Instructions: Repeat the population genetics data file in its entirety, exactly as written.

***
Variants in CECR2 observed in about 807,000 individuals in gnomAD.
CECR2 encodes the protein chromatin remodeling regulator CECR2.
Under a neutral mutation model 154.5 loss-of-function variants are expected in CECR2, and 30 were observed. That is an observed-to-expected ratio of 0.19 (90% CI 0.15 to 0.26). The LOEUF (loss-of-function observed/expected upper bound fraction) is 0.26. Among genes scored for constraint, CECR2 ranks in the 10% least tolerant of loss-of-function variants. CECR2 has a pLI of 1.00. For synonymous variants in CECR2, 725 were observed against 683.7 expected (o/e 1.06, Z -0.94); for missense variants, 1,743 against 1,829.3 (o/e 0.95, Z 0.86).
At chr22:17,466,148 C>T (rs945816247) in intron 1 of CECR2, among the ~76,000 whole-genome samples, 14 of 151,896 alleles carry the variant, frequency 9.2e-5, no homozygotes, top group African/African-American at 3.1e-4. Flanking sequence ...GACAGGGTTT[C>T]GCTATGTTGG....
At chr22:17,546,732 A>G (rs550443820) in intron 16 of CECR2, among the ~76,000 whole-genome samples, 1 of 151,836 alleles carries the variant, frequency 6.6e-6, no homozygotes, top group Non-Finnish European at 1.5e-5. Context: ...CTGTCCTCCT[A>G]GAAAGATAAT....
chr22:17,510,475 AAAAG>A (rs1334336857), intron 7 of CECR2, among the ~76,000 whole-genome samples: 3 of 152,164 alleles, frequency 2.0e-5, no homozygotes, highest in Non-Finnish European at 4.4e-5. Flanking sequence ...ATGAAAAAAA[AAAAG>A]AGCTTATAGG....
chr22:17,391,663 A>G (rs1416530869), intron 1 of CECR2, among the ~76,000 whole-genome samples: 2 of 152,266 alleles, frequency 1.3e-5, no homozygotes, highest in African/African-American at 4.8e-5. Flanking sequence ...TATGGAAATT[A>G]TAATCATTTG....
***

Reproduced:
Variants in CECR2 observed in about 807,000 individuals in gnomAD.
CECR2 encodes the protein chromatin remodeling regulator CECR2.
Under a neutral mutation model 154.5 loss-of-function variants are expected in CECR2, and 30 were observed. That is an observed-to-expected ratio of 0.19 (90% CI 0.15 to 0.26). The LOEUF (loss-of-function observed/expected upper bound fraction) is 0.26. Among genes scored for constraint, CECR2 ranks in the 10% least tolerant of loss-of-function variants. CECR2 has a pLI of 1.00. For synonymous variants in CECR2, 725 were observed against 683.7 expected (o/e 1.06, Z -0.94); for missense variants, 1,743 against 1,829.3 (o/e 0.95, Z 0.86).
At chr22:17,466,148 C>T (rs945816247) in intron 1 of CECR2, among the ~76,000 whole-genome samples, 14 of 151,896 alleles carry the variant, frequency 9.2e-5, no homozygotes, top group African/African-American at 3.1e-4. Flanking sequence ...GACAGGGTTT[C>T]GCTATGTTGG....
At chr22:17,546,732 A>G (rs550443820) in intron 16 of CECR2, among the ~76,000 whole-genome samples, 1 of 151,836 alleles carries the variant, frequency 6.6e-6, no homozygotes, top group Non-Finnish European at 1.5e-5. Context: ...CTGTCCTCCT[A>G]GAAAGATAAT....
chr22:17,510,475 AAAAG>A (rs1334336857), intron 7 of CECR2, among the ~76,000 whole-genome samples: 3 of 152,164 alleles, frequency 2.0e-5, no homozygotes, highest in Non-Finnish European at 4.4e-5. Flanking sequence ...ATGAAAAAAA[AAAAG>A]AGCTTATAGG....
chr22:17,391,663 A>G (rs1416530869), intron 1 of CECR2, among the ~76,000 whole-genome samples: 2 of 152,266 alleles, frequency 1.3e-5, no homozygotes, highest in African/African-American at 4.8e-5. Flanking sequence ...TATGGAAATT[A>G]TAATCATTTG....